One thing that the COVID-19 pandemic has made abundantly clear is just how intertwined all Manitobans really are.
In the complex ecosystem that is our province, it’s now clear less separates urban and rural residents than one might think at first glance.
To understand this, one needs to look at how our second wave of the virus seems to be unfolding.
The first inkling the province had of the brewing story was a scene that’s played out throughout Western Canada — our Hutterite neighbours and the infections that have swept through colonies.
It is unfair to blame or stigmatize this community. Unsurprisingly, a virus that requires close contact to transmit most effectively thrived in a group that lives a communal lifestyle. We’ve seen similar patterns emerge in places like long-term care homes where residents also live in closer proximity.
The reported cases in Western Canada’s Hutterian community are also higher because they are doing the right thing. Most of the colonies in Manitoba have followed the pragmatic advice of the Hutterian Safety Council’s COVID-19 task force to participate in mass testing.
Their citizenship is in sharp contrast to a certain president’s advice south of the border: if you want to keep your numbers down, don’t test.
No reasonable Manitoban wishes any ill will on our Hutterite neighbours.
In fact, some Manitobans have rightly thanked the province’s Hutterites for their efforts. In the Niverille Citizen Lesley Gaudry wrote a heartfelt “Letter to my Neighbour.”
In the commentary Gaudry noted the Hutterian community’s contribution to the region, including making face masks in the early days of the pandemic, donations of food for community and health-care events, their efforts as part of the Eastman Mutual Aid District, and on-colony blood donor clinics. Let’s not forget years of flood-fighting efforts.
Others in the region have expressed gratitude for the transparent nature their local colonies have displayed while fighting the virus.
A friend living in Ste. Agathe noted that local parents were grateful when Crystal Springs Colony, just east of the town, revealed it was the source of a spike in infections for the region. That gave those parents some peace of mind when planning their own families’ actions.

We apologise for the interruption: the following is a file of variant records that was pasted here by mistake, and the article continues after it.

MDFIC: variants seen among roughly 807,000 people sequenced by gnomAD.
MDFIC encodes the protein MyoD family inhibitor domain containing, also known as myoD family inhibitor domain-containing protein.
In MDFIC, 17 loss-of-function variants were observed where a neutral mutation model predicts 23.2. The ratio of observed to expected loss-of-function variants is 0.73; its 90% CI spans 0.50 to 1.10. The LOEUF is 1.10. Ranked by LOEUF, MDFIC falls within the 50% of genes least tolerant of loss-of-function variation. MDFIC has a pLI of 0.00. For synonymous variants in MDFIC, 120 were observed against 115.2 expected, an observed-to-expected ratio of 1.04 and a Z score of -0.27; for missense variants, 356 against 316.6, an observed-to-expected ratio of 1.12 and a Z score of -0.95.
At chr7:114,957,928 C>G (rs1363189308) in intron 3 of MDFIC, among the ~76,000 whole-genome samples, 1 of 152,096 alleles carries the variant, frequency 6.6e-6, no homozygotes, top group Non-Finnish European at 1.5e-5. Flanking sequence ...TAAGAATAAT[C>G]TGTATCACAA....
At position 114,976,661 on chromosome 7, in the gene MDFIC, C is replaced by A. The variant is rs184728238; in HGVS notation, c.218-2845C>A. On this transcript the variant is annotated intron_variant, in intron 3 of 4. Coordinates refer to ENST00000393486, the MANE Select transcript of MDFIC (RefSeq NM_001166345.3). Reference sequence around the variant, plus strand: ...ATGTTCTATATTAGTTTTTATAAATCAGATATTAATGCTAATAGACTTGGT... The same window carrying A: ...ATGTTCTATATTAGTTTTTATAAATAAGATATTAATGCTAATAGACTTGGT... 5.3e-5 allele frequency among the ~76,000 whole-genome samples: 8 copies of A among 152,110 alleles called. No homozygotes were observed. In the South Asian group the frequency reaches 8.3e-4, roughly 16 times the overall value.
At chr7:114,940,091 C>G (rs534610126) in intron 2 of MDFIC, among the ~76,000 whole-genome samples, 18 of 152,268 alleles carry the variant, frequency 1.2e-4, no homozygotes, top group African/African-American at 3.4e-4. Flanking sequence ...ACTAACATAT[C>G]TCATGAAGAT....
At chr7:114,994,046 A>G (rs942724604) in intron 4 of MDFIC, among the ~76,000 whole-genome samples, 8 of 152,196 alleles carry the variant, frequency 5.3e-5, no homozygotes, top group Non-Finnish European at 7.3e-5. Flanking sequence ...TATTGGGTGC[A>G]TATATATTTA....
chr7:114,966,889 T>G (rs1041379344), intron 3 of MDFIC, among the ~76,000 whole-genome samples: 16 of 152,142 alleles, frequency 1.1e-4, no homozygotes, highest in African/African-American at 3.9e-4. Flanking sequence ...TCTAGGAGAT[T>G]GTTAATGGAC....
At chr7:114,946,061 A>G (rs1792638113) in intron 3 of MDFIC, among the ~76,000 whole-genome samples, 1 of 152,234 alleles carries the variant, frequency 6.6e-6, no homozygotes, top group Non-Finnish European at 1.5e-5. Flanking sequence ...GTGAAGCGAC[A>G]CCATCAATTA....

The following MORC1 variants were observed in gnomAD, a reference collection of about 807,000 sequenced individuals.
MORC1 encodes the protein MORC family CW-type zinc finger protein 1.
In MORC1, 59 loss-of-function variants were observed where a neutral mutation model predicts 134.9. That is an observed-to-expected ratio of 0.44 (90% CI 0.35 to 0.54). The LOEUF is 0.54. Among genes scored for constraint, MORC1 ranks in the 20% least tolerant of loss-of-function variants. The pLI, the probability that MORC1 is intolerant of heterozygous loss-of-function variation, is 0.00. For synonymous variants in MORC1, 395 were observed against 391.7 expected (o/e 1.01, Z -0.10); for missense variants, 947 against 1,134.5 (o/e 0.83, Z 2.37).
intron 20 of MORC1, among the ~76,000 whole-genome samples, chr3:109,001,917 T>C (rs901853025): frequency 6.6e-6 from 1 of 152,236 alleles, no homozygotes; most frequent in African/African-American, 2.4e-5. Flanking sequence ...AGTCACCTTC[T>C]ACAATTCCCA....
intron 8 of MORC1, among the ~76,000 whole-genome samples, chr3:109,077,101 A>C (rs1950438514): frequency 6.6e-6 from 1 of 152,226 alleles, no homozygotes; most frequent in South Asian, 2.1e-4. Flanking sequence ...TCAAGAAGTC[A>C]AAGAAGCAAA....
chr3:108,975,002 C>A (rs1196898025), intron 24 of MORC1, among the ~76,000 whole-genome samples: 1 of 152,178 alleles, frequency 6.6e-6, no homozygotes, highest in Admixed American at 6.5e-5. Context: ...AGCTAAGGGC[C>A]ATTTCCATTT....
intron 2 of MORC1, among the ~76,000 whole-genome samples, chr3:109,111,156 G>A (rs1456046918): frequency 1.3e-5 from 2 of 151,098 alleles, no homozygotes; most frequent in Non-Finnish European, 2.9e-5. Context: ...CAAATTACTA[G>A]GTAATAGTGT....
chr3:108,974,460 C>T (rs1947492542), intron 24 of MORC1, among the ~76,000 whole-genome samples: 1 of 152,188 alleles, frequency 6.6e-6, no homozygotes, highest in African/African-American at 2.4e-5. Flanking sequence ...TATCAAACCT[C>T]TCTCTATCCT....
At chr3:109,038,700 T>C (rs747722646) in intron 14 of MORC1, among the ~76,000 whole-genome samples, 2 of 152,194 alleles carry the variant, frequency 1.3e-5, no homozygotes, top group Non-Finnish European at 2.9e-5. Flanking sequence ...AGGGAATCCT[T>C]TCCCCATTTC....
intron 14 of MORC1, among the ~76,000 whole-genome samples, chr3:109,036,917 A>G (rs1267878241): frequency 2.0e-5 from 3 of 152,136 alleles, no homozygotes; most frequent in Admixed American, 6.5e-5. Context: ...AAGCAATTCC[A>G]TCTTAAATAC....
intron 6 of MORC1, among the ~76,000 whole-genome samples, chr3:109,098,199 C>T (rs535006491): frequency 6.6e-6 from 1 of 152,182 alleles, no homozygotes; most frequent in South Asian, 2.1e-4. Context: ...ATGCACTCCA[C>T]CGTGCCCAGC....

Beyond the immediate impact of nearby communities, however, this spike or second wave also revealed a number of less obvious ties that bind.
In the following days, Winnipeg’s handful of testing centres were quickly overwhelmed. In some cases that was simply people suddenly becoming concerned that their mild post-nasal drip might not be allergies after all. But in many other cases it was a result of the wide economic net the Hutterite colonies cast in the province.
The Winnipeg Free Press reported July 21 of one construction company official whose employer had told him to stay away from work until receiving a negative test, due to exposure through a Hutterite colony he’d worked at.
That in turn led to what appears to be inadequate testing capacity — a total of three sites for more than 700,000 people in Winnipeg — to be quickly overwhelmed, resulting in some less than desirable outcomes for rural and urban citizens alike.
Anecdotally Winnipeg citizens tell of being turned away at local testing sites and being told to visit nearby sites outside the city by front-line health workers, in communities like Carman, Steinbach and Selkirk.
In essence, the provincial message appeared to have flipped from “stay home” to “take an ill and possibly contagious family member on a road trip.”
This was an unacceptable outcome all around. For those who were ill, it subjected them to the indignity of having to travel while sick. For the communities hosting these sites, it set up a pipeline of potentially contagious visitors in the midst of a pandemic.
Again and again around the world, the pandemic is revealing the interconnectedness of every echelon of our societies.
Consider this curious case from Boston, where a ‘super-spreader’ event at a leadership convention of the biotech firm Biogen has been linked by DNA sequencing to a virulent outbreak in the city’s homeless shelters.
This supports a strong case for a coherent provincial response here in Manitoba that considers every facet of our society — from the urban homeless shelter to the rural school and everything in between.
It’s only by taking this holistic, stigmatization-free approach — one we should expect and demand from our elected leaders — that our entire community will be protected.
After all, we’re all Manitobans.